People Are Taking These Herbs For Relaxation & It's Not What You Think

The wellness world is always evolving and throwing new sh*t at us to help our bodies and minds in wonderful, magical ways. As focus has shifted from the early ’90s era of extreme weight loss (remember the grapefruit diet, anyone? No? Wanna go on a Cabbage Soup fast? No? Ok then.) to today’s more holistic and health-conscious space, the trends have adapted to follow suit. In other words, our focus in the health space has transitioned from weight loss to wellness. Applause all around, please. I’m so glad we all finally realized there are more important things in life (such as functioning organs) than having thighs that don’t touch.

With this paradigm shift, wellness experts are now marketing new things based on concepts such as detoxification, hormone balancing, and immune boosting. Enter: adaptogens.

Adaptogens are the latest buzzword in the wellness realm, and I know they sound weirdly medical, like they should be a part of our DNA or cells or something, but they’re actually a non-toxic herb, so you don’t need to be scared. According to Times magazine, adaptogens are a special class of herbs that will help the body resist physical, chemical, and biological stressors. Results from this scientific study show that the herbs also interact with our hypothalamus-pituitary-adrenal axis (HPA), responsible for communication to our kidneys (ie: adrenal glands) about how to handle stress.

See, when we are stressed out, our body uses three stages to handle stress. The initial phase is the alarm phase. It’s self-explanatory: you’re f*cking shook. It’s the initial stage of stress, such as your first few reps of lifting weights. This is where the body releases its first dose of hormones. The second phase, the phase of resistance, is when you’re able to handle the stress. So this phase is kind of what gets you through the subsequent reps and sets of your workout. This phase is where the adaptogens work their magic. They essentially stretch out the resistance phase by acting like a hormone balancer. Because they play a role in the brain to adrenal gland communication, they are able to level out the amount of stress hormones that get released by your adrenal glands. The third and final phase of a stress response is the exhaustion phase. It has nothing to do with adaptogens, that’s just your body saying “chill, bitch.”  The example of weight lifting is obviously a physical stressor, but adaptogens have also been shown to help the body handle mental or emotional stress. So basically, adaptogens are supposed to level you tf out so you’re not a miserable, murderous bitch.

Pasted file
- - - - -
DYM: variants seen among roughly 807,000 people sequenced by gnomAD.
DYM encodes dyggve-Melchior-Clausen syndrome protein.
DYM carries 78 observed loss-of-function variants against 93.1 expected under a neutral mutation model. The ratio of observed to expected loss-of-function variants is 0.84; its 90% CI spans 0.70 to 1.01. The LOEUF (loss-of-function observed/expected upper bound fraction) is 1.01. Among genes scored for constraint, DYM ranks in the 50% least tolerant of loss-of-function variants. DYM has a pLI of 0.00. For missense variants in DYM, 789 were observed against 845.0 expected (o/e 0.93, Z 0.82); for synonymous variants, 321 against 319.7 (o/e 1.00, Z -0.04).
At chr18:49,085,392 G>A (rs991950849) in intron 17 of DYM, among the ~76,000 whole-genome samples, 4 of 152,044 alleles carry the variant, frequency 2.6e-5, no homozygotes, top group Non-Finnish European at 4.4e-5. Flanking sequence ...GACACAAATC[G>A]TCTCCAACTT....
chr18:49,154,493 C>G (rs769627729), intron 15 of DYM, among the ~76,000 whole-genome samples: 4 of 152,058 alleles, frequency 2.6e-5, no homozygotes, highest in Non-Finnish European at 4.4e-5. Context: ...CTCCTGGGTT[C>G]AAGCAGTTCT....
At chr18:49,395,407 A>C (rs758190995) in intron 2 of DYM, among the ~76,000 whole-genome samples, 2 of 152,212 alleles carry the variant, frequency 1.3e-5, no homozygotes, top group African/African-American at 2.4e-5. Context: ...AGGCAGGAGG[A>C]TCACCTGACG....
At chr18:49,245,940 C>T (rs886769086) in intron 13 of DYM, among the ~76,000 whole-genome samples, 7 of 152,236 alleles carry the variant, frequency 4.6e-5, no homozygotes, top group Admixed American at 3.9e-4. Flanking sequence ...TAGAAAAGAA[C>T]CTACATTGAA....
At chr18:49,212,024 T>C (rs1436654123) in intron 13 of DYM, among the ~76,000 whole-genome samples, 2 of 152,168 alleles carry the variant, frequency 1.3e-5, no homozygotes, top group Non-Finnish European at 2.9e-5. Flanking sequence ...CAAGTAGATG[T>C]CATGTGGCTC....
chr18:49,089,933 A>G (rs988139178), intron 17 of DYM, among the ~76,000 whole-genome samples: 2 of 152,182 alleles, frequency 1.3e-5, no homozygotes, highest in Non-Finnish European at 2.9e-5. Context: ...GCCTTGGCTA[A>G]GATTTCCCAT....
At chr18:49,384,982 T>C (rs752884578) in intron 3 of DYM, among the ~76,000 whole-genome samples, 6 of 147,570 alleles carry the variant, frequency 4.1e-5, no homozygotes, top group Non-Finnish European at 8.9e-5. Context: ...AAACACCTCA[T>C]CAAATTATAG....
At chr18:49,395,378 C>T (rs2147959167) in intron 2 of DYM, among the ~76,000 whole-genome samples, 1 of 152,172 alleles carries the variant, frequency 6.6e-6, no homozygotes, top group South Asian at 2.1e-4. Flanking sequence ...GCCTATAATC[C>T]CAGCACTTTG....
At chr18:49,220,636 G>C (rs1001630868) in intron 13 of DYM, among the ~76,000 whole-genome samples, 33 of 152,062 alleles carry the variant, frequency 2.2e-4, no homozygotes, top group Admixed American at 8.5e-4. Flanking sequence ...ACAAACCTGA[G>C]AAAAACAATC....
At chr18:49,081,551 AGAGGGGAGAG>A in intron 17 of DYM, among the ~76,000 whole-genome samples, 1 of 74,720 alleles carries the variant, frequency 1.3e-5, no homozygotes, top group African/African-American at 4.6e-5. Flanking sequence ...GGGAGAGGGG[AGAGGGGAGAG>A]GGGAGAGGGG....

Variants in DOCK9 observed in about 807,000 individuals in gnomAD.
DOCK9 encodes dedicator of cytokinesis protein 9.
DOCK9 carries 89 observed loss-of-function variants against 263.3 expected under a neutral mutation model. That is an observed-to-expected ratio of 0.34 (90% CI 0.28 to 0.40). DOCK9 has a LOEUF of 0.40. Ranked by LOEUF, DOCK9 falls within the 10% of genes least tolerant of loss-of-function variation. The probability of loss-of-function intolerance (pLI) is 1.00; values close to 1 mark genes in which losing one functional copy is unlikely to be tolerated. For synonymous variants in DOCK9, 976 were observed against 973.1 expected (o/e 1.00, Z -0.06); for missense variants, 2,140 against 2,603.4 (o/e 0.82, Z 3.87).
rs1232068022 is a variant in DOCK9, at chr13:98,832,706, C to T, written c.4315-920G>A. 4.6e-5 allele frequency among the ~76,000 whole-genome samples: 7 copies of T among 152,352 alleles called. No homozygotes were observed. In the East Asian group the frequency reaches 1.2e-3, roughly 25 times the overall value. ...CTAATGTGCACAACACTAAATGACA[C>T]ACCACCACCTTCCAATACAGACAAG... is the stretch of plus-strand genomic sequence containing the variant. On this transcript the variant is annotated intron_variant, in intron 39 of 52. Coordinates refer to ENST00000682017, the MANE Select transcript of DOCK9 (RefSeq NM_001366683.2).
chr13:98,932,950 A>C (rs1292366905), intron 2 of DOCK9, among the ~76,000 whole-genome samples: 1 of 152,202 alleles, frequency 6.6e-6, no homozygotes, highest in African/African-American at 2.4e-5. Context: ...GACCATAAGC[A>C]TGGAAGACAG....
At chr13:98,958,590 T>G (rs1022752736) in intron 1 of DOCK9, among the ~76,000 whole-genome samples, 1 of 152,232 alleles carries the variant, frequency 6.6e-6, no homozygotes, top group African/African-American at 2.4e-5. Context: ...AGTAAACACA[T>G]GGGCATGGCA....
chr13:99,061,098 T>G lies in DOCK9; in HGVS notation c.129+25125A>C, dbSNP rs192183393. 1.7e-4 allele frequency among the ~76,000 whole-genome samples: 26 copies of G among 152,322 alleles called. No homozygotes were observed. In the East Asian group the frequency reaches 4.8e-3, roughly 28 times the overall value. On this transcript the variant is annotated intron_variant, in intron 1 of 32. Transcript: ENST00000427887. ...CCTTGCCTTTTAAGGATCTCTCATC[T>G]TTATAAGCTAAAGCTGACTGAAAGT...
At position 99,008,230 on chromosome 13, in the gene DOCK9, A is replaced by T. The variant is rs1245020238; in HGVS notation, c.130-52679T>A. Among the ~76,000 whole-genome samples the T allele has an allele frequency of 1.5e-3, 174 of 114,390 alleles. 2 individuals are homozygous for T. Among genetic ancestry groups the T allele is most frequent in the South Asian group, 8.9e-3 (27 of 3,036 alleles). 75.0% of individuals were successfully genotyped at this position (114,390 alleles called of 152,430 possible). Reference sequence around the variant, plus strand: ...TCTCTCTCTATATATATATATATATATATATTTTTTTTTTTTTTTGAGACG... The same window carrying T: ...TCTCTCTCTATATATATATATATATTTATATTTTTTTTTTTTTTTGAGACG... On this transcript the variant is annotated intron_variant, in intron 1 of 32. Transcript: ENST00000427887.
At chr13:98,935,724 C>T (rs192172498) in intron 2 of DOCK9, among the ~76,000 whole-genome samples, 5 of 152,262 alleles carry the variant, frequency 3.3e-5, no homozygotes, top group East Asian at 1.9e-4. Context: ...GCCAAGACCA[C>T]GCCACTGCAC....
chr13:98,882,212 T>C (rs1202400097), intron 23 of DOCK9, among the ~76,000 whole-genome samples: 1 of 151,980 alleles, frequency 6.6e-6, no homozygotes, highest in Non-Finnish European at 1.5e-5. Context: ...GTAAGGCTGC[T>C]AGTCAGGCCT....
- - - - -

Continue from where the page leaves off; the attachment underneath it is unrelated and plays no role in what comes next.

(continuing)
While new to the Western world, Ayurvedic healing and Chinese medicine have known about adaptogens for centuries. The trend has hit our side of the world in a big way, and now all these coffee shops are pushing mushroom coffee (I’m not so sure about this), and you can find the adaptogenic herb Ashwaganda in powder form in many health food stores. Another one you’ve most likely heard of before is ginseng. I’m kinda psychic, so I can say with like semi-certainty that it’s about to have a huge comeback now, but your favorite Chinese spot has probably been cooking with ginseng forever. For you overambitious betches that don’t believe in easing into things, try this Gwyneth Paltrow-approved adaptogenic smoothie recipe. I’m not sure where you can buy “moon dust,” but it sounds like something my drug dealer has mentioned before.

Despite all the cool info circulating about these herbs, keep in mind that scientific research on how adaptogens truly interact with our body is still very limited, and I recommend consulting with a doctor before trying new supplements, especially if you are taking prescription drugs.

What do you guys think? Would you try these herbs? Would you do the mushroom coffee? Sound off below!

Images: Chris Knight / Unsplash; Giphy

Nicole Nam
Nicole Nam
Nicole Nam is a health and fitness aficionado, with a Bachelor's of Science in Nutrition and a Master's of Science in Kinesiology (Exercise Science). She loves to package information into a format that people can understand, and aims to write in a very entertaining yet informative format. Nicole is also a certified personal trainer living in LA, with her dog-son Yakuza.